By Staff Reporter
FOREIGN AFFAIRS Minister Sibusiso Moyo has fired a broadside at the MDCs and its NGO allies for demanding the retention of US sanctions imposed on the Zanu PF led administration as it becomes apparent the intense rivalry among the old enemies was spilling into a post Robert Mugabe era.
This comes after MDC-T Alliance leaders Tendai Biti and Nelson Chamisa led a delegation that also involves firebrand pro-good governance lobbyist Dewa Mavhinga to solicit for US support in demanding sweeping reforms to the country’s poll processes.
They were hosted by the US State Department and Congress and also met global business and the US civil society to place their position on the new political dispensation in Zimbabwe.
The opposition representatives were unequivocal in their demands for the US government to withhold any form of support aimed at bailing out the new administration if the latter did not place tangible commitment to restoring full democracy back home.
Describing the current administration as the outcome of a coup, they urged the superpower to keep its Zimbabwe Democracy and Economic Recovery Act in place until there were notable changes in Zimbabwe.
But Moyo on Wednesday said in a statement that it was shocking to watch fellow Zimbabweans led by Biti, Mavhinga and Peter Godwin take turns before the US Senate Foreign Relations Committee to “tarnish and further soil” the image of their country.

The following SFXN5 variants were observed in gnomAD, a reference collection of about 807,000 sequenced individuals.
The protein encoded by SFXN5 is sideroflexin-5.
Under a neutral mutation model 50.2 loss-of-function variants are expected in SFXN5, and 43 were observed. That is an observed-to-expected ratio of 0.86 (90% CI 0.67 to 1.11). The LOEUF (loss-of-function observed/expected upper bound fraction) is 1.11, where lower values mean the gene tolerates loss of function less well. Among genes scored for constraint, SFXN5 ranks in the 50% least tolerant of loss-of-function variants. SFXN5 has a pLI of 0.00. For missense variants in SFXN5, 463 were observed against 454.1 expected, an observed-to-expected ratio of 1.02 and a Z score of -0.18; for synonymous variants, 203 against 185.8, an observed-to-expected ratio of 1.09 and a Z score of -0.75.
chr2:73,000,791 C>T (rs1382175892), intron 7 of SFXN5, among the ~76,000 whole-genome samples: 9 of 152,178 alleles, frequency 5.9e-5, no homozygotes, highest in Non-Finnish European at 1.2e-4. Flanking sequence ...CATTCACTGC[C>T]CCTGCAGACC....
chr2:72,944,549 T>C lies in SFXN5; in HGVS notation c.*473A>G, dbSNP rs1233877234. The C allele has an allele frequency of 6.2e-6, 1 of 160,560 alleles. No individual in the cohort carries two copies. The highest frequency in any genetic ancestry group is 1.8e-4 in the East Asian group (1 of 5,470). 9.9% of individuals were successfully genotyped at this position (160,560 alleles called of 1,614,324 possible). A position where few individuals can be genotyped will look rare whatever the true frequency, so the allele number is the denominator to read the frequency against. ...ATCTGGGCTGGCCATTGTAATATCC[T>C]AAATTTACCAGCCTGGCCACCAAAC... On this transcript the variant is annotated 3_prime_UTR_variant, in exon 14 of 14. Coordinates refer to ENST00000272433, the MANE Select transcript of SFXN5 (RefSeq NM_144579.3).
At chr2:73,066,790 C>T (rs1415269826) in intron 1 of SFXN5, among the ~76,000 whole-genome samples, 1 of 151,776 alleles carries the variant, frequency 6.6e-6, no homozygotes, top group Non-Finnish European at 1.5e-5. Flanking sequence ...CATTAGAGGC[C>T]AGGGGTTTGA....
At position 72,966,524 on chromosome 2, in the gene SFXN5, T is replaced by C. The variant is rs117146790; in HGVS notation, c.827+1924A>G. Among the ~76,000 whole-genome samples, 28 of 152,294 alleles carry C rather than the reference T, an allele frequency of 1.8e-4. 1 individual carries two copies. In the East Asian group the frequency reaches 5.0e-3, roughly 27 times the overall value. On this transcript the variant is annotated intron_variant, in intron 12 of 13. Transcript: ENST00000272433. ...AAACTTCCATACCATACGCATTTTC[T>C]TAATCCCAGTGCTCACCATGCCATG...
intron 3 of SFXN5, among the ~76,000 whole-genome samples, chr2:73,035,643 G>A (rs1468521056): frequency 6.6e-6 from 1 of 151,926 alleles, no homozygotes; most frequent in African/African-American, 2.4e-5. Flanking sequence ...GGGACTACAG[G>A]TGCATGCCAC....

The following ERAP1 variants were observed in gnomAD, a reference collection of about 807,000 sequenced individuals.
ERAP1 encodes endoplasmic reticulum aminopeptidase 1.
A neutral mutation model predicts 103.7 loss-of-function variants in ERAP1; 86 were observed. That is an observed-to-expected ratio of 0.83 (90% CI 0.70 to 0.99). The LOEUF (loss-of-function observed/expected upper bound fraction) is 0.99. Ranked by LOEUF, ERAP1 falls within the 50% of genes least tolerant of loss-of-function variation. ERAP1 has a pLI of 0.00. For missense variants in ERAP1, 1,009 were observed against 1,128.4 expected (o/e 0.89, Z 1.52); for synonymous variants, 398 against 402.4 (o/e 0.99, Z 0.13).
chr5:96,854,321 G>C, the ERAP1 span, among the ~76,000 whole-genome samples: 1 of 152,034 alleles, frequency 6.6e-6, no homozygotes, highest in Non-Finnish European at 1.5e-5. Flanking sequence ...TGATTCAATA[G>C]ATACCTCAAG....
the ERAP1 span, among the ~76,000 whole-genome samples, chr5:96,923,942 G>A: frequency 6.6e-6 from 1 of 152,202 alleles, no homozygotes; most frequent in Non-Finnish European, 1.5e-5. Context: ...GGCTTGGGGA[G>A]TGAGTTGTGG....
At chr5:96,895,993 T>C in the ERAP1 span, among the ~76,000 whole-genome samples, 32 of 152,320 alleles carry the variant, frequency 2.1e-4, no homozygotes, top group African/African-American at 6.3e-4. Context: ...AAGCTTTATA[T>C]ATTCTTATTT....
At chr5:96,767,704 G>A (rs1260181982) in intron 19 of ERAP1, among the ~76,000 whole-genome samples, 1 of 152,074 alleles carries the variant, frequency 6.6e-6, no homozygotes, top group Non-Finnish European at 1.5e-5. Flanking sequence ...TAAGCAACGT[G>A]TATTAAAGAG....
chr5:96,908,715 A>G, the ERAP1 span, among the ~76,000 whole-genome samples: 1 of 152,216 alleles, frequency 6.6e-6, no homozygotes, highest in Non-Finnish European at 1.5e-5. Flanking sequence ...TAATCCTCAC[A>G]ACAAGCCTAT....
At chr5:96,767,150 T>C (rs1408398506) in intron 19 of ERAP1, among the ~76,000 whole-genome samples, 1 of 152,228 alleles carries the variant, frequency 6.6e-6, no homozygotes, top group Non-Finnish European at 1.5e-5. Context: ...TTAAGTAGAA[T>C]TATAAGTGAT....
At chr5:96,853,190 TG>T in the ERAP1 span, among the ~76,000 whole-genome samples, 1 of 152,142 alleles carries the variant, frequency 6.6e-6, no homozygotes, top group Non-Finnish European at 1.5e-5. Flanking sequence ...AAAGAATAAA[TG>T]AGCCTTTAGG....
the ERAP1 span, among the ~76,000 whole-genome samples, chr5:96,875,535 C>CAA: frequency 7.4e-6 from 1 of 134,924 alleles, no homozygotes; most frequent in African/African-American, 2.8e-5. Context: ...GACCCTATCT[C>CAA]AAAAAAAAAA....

Moyo said it was ironic that the opposition was performing its “macabre charade” just when he had met US Ambassador to Zimbabwe, Harry Thomas Junior for a brief discussion on how Harare and Washington could restore lost ties.
“Zimbabwe’s new government has been in office for shorter than two weeks [and] it is staggering that these gentlemen should have expected the deeds of 37 years to be corrected and livelihoods improved in such a short time,” Moyo said.
“As if that myopia was not enough, the trio and others requested their American hosts for more of the same policies which have inflicted suffering on our people. How could any serious putative future leader of our country ask that ZIDERA remains in place?”
Moyo was quick to remind Zanu PF rivals US imposed sanctions only hurt the poor and not the elite for who they are targeted.
“All of us should be working to revive our economy, till our fertile soil and trade more competitively so that we all realise better health delivery, education and improved welfare in general,” said the ex-military chef who urged internal solutions to a national dispute.
“There is no need to invite outside referees whose own fate has no relationship to ours. Let us advance our political goals without inviting punitive measures by strangers on our fellow citizens,” he said.
Moyo reiterated the new government’s pledges to delivering peaceful elections next year which he said shall be held according to the SADC principles and African Union recommendations.
“Any leadership changes can therefore be gotten at the ballot box,” he said.
“There is no need to go abroad and seek assistance to further harm one’s own country. All Zimbabweans are free to canvas for political fortunes of their choice. Let us do this without reversing the promise of our new dawn. All nations of goodwill are invited to assist us to regain our position in the family of nations, not as beggars but, as a prospering and vibrant democracy.”